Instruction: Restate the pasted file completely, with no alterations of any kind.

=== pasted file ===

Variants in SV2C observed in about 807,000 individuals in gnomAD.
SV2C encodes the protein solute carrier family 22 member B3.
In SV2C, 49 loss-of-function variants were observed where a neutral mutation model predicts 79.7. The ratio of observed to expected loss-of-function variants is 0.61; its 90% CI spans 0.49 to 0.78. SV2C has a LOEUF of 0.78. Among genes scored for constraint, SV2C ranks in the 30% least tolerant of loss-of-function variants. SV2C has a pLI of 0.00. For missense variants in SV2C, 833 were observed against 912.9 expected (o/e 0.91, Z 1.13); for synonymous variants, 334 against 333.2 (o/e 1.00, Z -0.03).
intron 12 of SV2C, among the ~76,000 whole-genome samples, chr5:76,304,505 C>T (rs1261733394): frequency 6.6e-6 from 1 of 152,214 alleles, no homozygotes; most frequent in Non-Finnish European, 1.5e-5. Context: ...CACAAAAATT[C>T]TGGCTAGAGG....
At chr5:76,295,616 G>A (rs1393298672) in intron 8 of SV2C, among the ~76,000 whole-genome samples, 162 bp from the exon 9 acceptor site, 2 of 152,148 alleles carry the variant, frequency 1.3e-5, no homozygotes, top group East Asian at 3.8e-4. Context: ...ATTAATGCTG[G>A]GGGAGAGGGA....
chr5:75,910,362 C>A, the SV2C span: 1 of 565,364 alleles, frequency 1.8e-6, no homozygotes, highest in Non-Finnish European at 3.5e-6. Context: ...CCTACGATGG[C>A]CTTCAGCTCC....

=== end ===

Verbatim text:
Variants in SV2C observed in about 807,000 individuals in gnomAD.
SV2C encodes the protein solute carrier family 22 member B3.
In SV2C, 49 loss-of-function variants were observed where a neutral mutation model predicts 79.7. The ratio of observed to expected loss-of-function variants is 0.61; its 90% CI spans 0.49 to 0.78. SV2C has a LOEUF of 0.78. Among genes scored for constraint, SV2C ranks in the 30% least tolerant of loss-of-function variants. SV2C has a pLI of 0.00. For missense variants in SV2C, 833 were observed against 912.9 expected (o/e 0.91, Z 1.13); for synonymous variants, 334 against 333.2 (o/e 1.00, Z -0.03).
intron 12 of SV2C, among the ~76,000 whole-genome samples, chr5:76,304,505 C>T (rs1261733394): frequency 6.6e-6 from 1 of 152,214 alleles, no homozygotes; most frequent in Non-Finnish European, 1.5e-5. Context: ...CACAAAAATT[C>T]TGGCTAGAGG....
At chr5:76,295,616 G>A (rs1393298672) in intron 8 of SV2C, among the ~76,000 whole-genome samples, 162 bp from the exon 9 acceptor site, 2 of 152,148 alleles carry the variant, frequency 1.3e-5, no homozygotes, top group East Asian at 3.8e-4. Context: ...ATTAATGCTG[G>A]GGGAGAGGGA....
chr5:75,910,362 C>A, the SV2C span: 1 of 565,364 alleles, frequency 1.8e-6, no homozygotes, highest in Non-Finnish European at 3.5e-6. Context: ...CCTACGATGG[C>A]CTTCAGCTCC....